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    $\begingroup$ This seems reasonably on topic here, it might be on topic on politics although I don't know how they treat hypothetical questions. $\endgroup$
    – Tim B
    Commented Dec 16, 2016 at 14:22
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    $\begingroup$ @kingledion see TimB comment. All I did was to suggest looking on other site and expressed my doubt. I didn't vote. I didn't say it is off topic. I just said I'm not sure. $\endgroup$
    – Mołot
    Commented Dec 16, 2016 at 14:25
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    $\begingroup$ @kingledion, wacky opinions are why I'm here and not on Politics ... $\endgroup$
    – o.m.
    Commented Dec 16, 2016 at 15:31
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    $\begingroup$ I don't think this is off-topic since we have many other questions that talk about theoretical political systems. $\endgroup$
    – Green
    Commented Dec 16, 2016 at 16:37

6 Answers 6


"Will the smaller parties thrive under my voting system while people would still be able to have local representatives?"

Smaller parties would unquestionably thrive for such system. - this part passed

Nevertheless to have a LOCAL representative it would be a bit trickier. If you voted for a party that's not specially popular in your district - you are guaranteed NOT to have one, and your district would be represented by a member of other party. ;)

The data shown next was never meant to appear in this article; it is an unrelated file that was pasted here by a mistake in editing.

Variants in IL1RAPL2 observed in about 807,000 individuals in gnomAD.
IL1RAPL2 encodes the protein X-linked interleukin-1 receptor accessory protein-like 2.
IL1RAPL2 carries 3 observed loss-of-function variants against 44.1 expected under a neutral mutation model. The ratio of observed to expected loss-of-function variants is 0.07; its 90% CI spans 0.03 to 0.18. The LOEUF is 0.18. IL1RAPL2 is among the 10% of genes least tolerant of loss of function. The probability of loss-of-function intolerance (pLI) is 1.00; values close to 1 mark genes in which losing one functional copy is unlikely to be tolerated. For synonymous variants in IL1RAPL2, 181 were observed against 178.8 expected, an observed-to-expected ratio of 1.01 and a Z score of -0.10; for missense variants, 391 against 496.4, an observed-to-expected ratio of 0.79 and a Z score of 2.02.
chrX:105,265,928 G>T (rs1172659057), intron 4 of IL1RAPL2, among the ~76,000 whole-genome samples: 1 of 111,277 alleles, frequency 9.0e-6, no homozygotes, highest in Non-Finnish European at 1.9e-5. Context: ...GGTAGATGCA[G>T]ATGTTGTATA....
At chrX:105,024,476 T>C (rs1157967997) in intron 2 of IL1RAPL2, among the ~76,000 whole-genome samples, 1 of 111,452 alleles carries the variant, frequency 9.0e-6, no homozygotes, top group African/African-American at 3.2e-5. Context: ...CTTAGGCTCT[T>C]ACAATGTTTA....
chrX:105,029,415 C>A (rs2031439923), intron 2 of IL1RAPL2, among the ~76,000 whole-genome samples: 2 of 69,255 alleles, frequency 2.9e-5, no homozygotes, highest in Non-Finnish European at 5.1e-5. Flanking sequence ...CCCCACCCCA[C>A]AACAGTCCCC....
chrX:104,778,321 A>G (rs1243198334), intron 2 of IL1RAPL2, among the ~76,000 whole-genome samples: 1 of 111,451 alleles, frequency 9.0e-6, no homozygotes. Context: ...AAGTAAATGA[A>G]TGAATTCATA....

System as such may work... assuming that one would put some election threshold, otherwise parliament full of squabbling parties build out a few or one member of parliament would be ungovernable. https://en.wikipedia.org/wiki/Election_threshold

  • $\begingroup$ Well I'm ready to sacrifice some districts losing their chosen representative, the local voters in order to satisfy global voters. $\endgroup$ Commented Dec 16, 2016 at 20:09
  • $\begingroup$ @3Steps2Eldor Anyway, you should explain what you mean, because with small parties you need a coalition to form a government. With small parties that tend to represent some very local interests or idea... retires, agriculture, weed legalization, some minor religious group, etc... getting any compromise starts becoming tricky. $\endgroup$
    – Shadow1024
    Commented Dec 17, 2016 at 10:52

Imagine that you have 100 districts for 100 representatives. There is a small party that would be supported by 0.8 to 1.1 percent of the voters. They could get one representative in if they run a halfway credible candidate in each district. Which of their 100 candidates gets in will be pretty much random chance -- voters might prefer one of the 100, but they can't influence where they get to vote. Perhaps they have more support in the northern part, but their most influential leader was born in the southern part (and isn't going to move).

And of course your system might still require coalitions. Like any proportional representation system there is a very high likelihood that no one party gets the majority.

Also, it is possible that one district gets two representatives and another gets none. Imagine three equally large districts and three parties: